Limitation in Union types with CUDA.jl?

I am trying to pass to a kernel a vector of Union type. It seems to work if I limit the number of types in the Union to 3, but using 4 it fails with unsupported call to an unknown function (call to gpu_gc_pool_alloc). This is the code to reproduce:

using CUDA
struct Box{T<:AbstractFloat}
struct Sphere{T<:AbstractFloat}
struct Tube{T<:AbstractFloat}
struct Cone{T<:AbstractFloat}
volume(b::Box{T}) where T = b.x * b.y * b.z
volume(s::Sphere{T}) where T = T(4)/3 * π * s.r^3
volume(t::Tube{T}) where T = T(π) * t.r^2 * t.z
volume(c::Cone{T}) where T = T(1)/3 * π * c.r^2 * c.z

const T = Float32
shapes = Vector{Union{Box{T}, Sphere{T}, Tube{T}, Cone{T}}}()
#shapes = Vector{Union{Box{T}, Sphere{T}, Tube{T}}}()
push!(shapes, Box{T}(1,2,3))
push!(shapes, Sphere{T}(1))

function kernel(shapes)
    for s in shapes
        @cuprintln volume(s)
    return nothing
cu_shapes = CuVector(shapes)
@cuda kernel(cu_shapes)

Is there a builtin limitation? Is there a way to achieve what I would like to do with more shapes than 3?
Many thanks in advance.

it’s the same thing as:


No. I am not using Abstract types. I am using Union as suggested and worked nicely for at least 6-7 types on the CPU. Now it fails with just 4 when moving to GPU.

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Union splitting only works up to 3 element types, this is probably controled by julia/typelimits.jl at master · JuliaLang/julia · GitHub. You can test this out with f(x) = x + one(eltype(x)) and code_warntype(f, Tuple{Union{Int}}) (or code_llvm); try adding more types to that Union and observe the generated code changing with 4 element types.

On the GPU, that kind of dynamic code is badly supported. It actually should work, we have an implementation of that gc_pool_alloc intrinsic (so you’re probably using old packages which had a bug in lowering them), but you want to avoid that anyway since allocating in kernels is extremely expensive.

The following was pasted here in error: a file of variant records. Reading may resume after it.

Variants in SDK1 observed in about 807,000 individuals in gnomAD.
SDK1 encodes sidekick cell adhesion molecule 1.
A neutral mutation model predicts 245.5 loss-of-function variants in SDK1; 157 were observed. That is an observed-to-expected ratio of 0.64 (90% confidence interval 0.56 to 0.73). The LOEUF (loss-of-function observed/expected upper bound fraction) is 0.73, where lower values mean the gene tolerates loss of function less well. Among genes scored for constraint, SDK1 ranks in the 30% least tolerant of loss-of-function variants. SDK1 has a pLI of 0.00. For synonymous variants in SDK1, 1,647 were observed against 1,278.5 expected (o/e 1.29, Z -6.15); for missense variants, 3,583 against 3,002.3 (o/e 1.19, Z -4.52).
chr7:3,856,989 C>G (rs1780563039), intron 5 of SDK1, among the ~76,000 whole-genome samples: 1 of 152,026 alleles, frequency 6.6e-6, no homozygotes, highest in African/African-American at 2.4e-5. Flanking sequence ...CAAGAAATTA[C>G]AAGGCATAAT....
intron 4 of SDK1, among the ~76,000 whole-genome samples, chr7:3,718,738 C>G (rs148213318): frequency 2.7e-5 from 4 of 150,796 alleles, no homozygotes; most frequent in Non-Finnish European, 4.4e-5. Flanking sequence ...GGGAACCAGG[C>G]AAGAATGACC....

Thanks very much for the explanation. Strange, I am using CUDA v3.8.0 and Julia 1.7.1
In this case, is the only efficient solution to have separate vectors for each shape type?

Someone correct me if I’m wrong (probably the case, I don’t know GPU stuff that well). I was under the impression that dispatching a method on a splittable Union is a branch to method calls on each type, and that branch would cause warp divergence on the GPU because GPU threads have to do the same instructions in parallel. Consequently, an N-sized Union element will have N-1 discarded method calls, which is less efficient with more expensive methods or larger N (though the N in Union-splitting is already limited to 3, maybe 4 in some cases).

You are in principle right, but this is not exactly the case. ‘thread divergence’ a dynamic issue. Here is the impossibility to provide to the GPU an array of ‘polymorphic types’. In my case the arguments to the kernel are: an array of uniform ‘points’ or ‘rays’, together with a static description of a scene (made of different shapes). In principle the processing for each point/ray could be completely in sync using/interpreting each shape in the array. So, the two issues are somehow uncorrelated.

Right, what I commented isn’t the issue you’re running into here, I’m speculating about an inefficiency under the Union-splitting limit where the code still works. The main issue is, as mentioned earlier, that exceeding the Union-splitting limit will be compiled to a dynamic dispatch, so the kernel doesn’t work.

There is a way to force static dispatch on the CPU beyond the Union-splitting limit: a conditional check whether a type-unstable variable is a particular concrete type will cause static dispatch on that variable in the branch. ManualDispatch.jl’s @unionsplit macro is an easy way to convert a function call to an if-elseif statement checking its arguments for some concrete types before running the same function call in each branch. Bear in mind: without assuming anything about the distribution of concrete types in order to optimize the order of type checks, checking N types can take longer than dynamic dispatch on average when N gets large enough.

Thing is, some type-unstable variables must exist for the type check (in your case, s or shapes[i]), and I’m not sure if that’s okay for CUDA.jl kernels.

just to summarize and see if I’m getting this, fundamentally because the kernel has to do the same thing in each GPU threads if you pass a vector of union types, the “same thing” is just dynamic if type == for N times. Which can and should be a fallback in any case (or can be manually enabled like scalar indexing).